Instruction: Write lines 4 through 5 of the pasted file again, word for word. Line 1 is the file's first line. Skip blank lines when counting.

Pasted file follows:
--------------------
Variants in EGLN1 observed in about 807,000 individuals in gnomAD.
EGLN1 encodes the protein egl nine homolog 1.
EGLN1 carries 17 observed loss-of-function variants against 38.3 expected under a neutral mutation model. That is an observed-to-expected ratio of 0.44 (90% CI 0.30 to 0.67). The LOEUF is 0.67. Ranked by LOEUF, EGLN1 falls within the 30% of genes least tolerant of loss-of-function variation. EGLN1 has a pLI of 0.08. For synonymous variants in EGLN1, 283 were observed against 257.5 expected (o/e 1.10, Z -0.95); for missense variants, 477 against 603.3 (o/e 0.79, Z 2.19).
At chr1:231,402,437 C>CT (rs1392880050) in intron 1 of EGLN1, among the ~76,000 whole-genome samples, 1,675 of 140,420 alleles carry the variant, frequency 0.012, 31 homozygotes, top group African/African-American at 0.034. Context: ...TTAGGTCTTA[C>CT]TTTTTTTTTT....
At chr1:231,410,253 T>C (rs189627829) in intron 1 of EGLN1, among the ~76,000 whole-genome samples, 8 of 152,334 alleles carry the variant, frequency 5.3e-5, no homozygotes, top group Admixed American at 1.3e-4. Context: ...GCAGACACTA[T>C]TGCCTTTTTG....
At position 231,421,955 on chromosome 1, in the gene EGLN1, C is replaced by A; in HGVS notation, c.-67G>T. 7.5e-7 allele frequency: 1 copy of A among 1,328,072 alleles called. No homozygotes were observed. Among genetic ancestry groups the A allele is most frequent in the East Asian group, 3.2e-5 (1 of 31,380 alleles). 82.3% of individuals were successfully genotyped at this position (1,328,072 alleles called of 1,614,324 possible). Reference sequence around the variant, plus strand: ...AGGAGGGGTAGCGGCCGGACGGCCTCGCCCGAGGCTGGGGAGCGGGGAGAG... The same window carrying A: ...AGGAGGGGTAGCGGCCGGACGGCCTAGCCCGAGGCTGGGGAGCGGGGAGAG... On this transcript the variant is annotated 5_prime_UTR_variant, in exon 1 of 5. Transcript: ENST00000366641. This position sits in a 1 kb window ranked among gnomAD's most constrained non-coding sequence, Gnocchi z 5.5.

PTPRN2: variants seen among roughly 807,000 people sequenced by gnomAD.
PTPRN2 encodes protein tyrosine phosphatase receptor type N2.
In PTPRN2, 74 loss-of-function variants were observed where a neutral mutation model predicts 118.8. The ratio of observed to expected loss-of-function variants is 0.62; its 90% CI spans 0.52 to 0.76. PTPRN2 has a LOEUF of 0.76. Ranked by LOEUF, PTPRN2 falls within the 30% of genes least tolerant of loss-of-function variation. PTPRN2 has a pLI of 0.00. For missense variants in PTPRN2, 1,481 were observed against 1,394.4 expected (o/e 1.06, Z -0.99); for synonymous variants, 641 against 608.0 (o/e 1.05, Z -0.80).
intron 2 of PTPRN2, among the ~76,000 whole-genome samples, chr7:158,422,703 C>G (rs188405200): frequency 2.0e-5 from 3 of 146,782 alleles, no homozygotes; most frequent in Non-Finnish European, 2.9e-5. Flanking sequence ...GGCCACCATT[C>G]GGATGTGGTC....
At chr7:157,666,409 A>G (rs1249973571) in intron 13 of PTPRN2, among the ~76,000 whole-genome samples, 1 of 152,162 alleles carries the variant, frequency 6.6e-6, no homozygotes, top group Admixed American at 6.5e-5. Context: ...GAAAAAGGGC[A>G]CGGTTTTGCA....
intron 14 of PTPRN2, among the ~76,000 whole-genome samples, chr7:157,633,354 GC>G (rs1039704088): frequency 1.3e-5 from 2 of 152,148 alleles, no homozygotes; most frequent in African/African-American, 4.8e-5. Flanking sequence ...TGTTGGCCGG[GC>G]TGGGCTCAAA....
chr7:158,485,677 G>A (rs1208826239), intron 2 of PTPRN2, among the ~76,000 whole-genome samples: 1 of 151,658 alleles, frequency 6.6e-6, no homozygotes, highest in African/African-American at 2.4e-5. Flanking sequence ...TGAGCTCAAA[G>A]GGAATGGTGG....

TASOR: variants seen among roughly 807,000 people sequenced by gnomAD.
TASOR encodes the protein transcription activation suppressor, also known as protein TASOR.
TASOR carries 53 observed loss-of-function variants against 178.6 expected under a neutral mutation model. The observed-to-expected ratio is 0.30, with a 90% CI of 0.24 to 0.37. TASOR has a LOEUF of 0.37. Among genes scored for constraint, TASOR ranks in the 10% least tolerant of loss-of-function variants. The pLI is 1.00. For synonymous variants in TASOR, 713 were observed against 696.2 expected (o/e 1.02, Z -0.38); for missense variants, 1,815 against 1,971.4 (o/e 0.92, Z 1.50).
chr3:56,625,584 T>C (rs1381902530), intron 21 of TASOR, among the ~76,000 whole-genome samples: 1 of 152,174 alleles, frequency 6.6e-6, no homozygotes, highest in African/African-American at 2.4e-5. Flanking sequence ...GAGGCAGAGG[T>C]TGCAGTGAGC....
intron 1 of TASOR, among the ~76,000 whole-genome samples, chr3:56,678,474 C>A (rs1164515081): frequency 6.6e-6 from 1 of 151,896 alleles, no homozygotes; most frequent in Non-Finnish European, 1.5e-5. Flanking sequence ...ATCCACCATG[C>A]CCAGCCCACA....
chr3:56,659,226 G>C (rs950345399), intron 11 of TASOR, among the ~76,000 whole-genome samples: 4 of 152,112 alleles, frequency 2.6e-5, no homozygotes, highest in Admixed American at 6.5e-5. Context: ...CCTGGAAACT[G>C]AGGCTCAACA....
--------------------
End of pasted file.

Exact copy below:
At chr1:231,402,437 C>CT (rs1392880050) in intron 1 of EGLN1, among the ~76,000 whole-genome samples, 1,675 of 140,420 alleles carry the variant, frequency 0.012, 31 homozygotes, top group African/African-American at 0.034. Context: ...TTAGGTCTTA[C>CT]TTTTTTTTTT....
At chr1:231,410,253 T>C (rs189627829) in intron 1 of EGLN1, among the ~76,000 whole-genome samples, 8 of 152,334 alleles carry the variant, frequency 5.3e-5, no homozygotes, top group Admixed American at 1.3e-4. Context: ...GCAGACACTA[T>C]TGCCTTTTTG....